The Phoenicians, as was only to be expected of those traders and artisans of the ancient world, appear to have adopted both the cylinder of Assyria and the scarab of Egypt as have survived the numerous engraved stones or g pebbles, technically called gems, which served as matrices and in most instances were undoubtedly mounted as finger-rings or were furnished with swivels.
The cylinder, however, seems to have been generally superseded in Egypt by the engraved scarab, or beetle-shaped object, which, it may be assumed, was used at an early time, as it certainly was in later Egyptian history, for sealing purposes, although its proper function was that of an amulet.
At first being used in their natural forms, these pebbles or gems have been grouped as lenticular or bean-shaped, and glandular or of the sling-bolt pattern; later, from the 6th to the 4th century B.C., they were fashioned as scaraboids, that is, in the general form of the Egyptian scarab, but without the sculptured details of the beetle's body.
But while the scarab met with little favour in Greece, where, as just stated, the scaraboid was preferred, among the Etruscans its adoption was complete, and with them it became the commonest form of the seal-matrix, dating from the latter part of the 6th century B.C., engraved chiefly with subjects derived from Greek art.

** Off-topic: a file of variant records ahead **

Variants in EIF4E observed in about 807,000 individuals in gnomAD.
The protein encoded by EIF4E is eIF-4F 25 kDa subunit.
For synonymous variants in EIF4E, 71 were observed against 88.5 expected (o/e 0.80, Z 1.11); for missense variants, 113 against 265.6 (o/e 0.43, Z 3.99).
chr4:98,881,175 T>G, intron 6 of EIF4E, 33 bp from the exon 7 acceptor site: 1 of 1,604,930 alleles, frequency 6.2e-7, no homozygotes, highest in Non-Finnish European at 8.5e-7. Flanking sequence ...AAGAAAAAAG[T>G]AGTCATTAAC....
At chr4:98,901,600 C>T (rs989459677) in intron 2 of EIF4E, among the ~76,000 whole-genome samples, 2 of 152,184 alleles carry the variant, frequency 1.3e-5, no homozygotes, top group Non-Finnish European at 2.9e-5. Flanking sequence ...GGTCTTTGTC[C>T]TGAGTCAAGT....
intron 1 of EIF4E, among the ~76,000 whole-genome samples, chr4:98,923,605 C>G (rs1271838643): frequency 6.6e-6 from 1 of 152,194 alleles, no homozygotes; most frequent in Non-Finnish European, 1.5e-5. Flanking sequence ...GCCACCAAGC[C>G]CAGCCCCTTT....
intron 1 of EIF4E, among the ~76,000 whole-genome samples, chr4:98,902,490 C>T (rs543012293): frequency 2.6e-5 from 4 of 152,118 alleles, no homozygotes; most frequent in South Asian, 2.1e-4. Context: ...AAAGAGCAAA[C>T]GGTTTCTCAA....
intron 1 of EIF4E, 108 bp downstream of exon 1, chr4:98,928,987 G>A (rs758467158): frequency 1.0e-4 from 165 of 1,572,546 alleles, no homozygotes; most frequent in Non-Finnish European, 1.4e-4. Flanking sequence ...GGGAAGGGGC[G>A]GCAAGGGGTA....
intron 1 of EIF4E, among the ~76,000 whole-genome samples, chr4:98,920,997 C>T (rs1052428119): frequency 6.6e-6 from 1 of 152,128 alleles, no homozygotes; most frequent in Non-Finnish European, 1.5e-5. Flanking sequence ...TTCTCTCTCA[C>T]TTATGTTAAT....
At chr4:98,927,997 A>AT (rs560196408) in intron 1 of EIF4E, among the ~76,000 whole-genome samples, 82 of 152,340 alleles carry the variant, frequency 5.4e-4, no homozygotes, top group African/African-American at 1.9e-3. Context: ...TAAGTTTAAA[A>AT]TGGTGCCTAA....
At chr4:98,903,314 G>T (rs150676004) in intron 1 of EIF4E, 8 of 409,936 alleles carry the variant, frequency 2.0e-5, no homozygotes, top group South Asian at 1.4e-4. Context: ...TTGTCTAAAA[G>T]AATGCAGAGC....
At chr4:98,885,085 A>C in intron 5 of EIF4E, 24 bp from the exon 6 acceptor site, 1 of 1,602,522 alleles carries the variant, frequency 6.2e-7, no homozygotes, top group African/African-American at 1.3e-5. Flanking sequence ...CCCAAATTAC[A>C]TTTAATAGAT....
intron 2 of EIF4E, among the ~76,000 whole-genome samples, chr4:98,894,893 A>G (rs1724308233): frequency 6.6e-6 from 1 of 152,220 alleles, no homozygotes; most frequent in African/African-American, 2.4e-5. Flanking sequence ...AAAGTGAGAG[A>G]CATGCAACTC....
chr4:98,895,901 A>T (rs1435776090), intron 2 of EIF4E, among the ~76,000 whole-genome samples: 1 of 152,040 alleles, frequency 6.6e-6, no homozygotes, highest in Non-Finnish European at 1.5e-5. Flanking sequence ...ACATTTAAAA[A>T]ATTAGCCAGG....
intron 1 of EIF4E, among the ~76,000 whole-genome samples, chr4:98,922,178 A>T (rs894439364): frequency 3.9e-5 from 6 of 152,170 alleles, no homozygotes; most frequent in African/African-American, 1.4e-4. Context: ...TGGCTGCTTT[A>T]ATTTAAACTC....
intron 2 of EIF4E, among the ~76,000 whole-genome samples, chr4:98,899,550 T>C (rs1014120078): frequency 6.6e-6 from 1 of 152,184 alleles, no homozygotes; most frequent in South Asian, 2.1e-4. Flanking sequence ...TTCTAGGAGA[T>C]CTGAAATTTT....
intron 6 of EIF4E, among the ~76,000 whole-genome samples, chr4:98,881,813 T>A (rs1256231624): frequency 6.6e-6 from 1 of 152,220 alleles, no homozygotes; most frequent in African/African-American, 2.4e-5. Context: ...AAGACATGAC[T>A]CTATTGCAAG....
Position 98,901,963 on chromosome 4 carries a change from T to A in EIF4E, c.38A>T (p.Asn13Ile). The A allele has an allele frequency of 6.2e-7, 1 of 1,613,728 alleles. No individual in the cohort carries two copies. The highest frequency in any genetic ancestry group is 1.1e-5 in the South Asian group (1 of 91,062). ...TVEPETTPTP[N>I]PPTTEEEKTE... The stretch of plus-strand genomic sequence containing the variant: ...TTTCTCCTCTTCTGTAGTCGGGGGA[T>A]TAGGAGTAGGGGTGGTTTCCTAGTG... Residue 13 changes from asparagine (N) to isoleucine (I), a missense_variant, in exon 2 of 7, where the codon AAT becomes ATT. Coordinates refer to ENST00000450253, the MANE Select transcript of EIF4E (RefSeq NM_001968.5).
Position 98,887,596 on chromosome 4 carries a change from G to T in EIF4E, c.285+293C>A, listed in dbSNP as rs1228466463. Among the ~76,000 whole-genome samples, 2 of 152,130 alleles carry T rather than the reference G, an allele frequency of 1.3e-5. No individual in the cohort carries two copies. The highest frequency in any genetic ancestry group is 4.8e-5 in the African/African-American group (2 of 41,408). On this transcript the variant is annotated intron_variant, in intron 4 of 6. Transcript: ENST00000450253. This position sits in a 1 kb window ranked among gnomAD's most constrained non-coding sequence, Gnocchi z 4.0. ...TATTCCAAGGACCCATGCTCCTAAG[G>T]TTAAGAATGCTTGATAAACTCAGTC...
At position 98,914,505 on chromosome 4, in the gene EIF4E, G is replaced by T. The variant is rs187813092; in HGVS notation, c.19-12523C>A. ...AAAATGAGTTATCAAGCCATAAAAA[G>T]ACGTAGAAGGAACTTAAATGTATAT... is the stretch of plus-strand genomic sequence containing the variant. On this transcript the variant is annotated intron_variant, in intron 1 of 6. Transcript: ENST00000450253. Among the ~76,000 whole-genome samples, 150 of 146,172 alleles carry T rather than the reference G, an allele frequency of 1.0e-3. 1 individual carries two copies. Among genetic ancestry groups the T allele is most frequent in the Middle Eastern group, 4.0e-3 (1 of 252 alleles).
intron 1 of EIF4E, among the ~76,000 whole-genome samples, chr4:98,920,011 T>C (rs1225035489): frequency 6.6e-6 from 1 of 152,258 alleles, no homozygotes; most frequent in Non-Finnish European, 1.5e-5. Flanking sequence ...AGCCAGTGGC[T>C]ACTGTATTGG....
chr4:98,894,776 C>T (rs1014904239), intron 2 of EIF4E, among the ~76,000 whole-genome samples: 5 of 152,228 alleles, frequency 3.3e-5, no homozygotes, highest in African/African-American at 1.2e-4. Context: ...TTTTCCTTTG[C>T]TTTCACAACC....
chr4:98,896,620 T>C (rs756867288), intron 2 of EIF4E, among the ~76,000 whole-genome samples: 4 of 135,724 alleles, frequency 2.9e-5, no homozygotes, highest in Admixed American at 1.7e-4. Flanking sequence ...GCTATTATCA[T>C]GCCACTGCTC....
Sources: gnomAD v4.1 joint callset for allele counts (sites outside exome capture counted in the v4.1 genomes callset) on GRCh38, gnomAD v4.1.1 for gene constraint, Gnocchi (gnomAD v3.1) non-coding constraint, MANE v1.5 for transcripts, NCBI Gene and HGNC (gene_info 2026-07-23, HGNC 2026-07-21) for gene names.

Dynasty scarab, were found by Layard in 1851, and Tell Khalaf, where the confluents join, and remains of the palace of a certain Kapar, son of Hanpan of "Hittite" affinities but uncertain date, were found by von Oppenheim in 1899.
The sacred beasts in the various temples, tame as far as possible, were of almost every conceivable variety, from the vulture to the swallow or the goose, from the lion to the shrew-mouse, from the hippopotamus to the sheep and the monkey, from the crocodile to the tortoise and the cobra, from the carp to the eel; the scorpion and the scarab beetle were perhaps the strangest in this strange company of deities.